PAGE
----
The Newborn Hearing Program at the University of Tennessee’s Center on Deafness is funded by a Health Resources and Services Administration grant under the authorization of the Tennessee Department of Health’s Early Hearing Detection and Intervention (EHDI) Program, also known as the Newborn Hearing Screening (NHS) Program. This project is funded under an agreement with the State of Tennessee. The Tennessee EHDI/NHS Program is housed in Nashville, Tennessee, within the Department of Women’s Health and Genetics. The University of Tennessee Center on Deafness (UT COD) is located on the campus of The University of Tennessee, Knoxville.
The UT COD Newborn Hearing team develops and implements projects that further the mission of Tennessee’s EHDI/NHS Program and their national goals.
National EHDI Mission
The mission of EHDI programs is for every state and territory in the United States to have EHDI services that ensure children with hearing loss achieve communication and social skills commensurate with their cognitive abilities. To do this, it is essential that infants are screened at birth, those with hearing loss be identified early, and appropriate intervention services be initiated in a timely manner. Without early identification and intervention, children with hearing loss may experience delays in the development of language, cognitive, and social skills that may prevent success in academic and occupational achievement.
Tennessee EHDI Goals
Tennessee’s EHDI/NHS program has a set of specific program objectives that are essential in carrying out the national EHDI mission. These goals reflect the recommendations of other national organizations such as the Department of Health Resources and Services Administration: Maternal Child Health Bureau (HRSA/MCHB); National Institute of Health: National Institute on Deafness and Other Communication Disorders (NIH/NIDCD); Centers for Disease Control and Prevention (CDC); Joint Committee on Infant Hearing (JCIH); American Academy of Pediatrics (AAP); American Speech-Language-Hearing Association (ASHA); and American Academy of Audiology (AAA).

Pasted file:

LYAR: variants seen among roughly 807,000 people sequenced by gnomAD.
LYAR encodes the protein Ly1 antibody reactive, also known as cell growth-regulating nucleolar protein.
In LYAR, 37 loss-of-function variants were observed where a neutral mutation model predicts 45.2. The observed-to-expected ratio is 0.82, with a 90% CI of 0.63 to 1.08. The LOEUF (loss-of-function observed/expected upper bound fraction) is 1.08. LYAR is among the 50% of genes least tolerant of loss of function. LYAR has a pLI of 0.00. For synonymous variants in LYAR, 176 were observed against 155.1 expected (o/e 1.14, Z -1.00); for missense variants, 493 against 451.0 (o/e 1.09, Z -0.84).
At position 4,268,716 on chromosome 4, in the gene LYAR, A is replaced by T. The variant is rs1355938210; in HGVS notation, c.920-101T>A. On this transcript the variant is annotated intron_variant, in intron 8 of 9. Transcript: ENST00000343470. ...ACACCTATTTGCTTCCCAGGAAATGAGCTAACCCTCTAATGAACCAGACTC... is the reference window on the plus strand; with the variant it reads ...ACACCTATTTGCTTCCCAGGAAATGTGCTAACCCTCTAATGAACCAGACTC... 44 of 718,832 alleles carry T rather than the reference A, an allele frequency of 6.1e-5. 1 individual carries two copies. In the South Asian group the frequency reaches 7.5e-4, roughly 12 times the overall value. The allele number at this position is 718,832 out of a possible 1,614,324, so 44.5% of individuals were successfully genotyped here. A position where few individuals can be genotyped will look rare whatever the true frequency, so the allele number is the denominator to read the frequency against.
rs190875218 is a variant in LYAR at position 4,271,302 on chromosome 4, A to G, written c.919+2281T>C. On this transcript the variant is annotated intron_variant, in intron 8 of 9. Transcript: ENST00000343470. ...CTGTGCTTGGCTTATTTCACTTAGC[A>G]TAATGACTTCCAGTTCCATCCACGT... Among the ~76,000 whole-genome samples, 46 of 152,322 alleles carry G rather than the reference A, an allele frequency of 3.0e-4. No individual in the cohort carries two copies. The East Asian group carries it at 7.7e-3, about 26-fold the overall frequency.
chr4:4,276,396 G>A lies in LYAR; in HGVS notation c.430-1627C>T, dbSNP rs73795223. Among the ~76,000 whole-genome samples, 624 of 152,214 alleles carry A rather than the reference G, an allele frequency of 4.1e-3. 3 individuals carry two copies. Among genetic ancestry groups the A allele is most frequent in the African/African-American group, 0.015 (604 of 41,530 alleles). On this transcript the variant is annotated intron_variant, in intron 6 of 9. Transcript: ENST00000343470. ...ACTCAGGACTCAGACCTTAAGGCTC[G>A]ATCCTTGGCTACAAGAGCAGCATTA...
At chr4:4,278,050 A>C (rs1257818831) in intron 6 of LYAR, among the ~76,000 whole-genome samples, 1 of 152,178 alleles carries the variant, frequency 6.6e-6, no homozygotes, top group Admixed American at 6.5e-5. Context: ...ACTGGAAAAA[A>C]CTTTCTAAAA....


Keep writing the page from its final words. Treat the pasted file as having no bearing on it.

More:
- All infants should have access to hearing screening using a physiologic measure before one month of age.
- All infants who do not pass the initial hearing screen and the subsequent re-screening should have appropriate audiological and medical evaluations to confirm the presence of hearing loss before three months of age.
- All infants with confirmed permanent hearing loss should receive intervention services before six months of age. A simplified, single point of entry into an intervention system appropriate to children with hearing loss is optimal.
- The EHDI system should be family centered with infant and family rights and privacy guaranteed through informed choice, shared decision making, and parental consent. Families should have access to information about all intervention and treatment options and counseling regarding hearing loss.
- The child and family should have immediate access to high-quality technology, including hearing aids, cochlear implants, and other assistive devices when appropriate.
- All infants and children should be monitored for hearing loss in the medical home. Continued assessment of communication development should be provided by appropriate providers to all children with or without risk indicators for hearing loss.
- Appropriate interdisciplinary intervention programs for deaf and hard-of-hearing infants and their families should be provided by professionals knowledgeable about childhood hearing loss. Intervention programs should recognize and build on strengths, informed choices, traditions, and cultural beliefs of the families.
- Information systems should be used to measure outcomes and report the effectiveness of EHDI services at the community, state, and federal levels.
(Objectives as stated in 2007 Position Statement from the Joint Committee on Infant Hearing)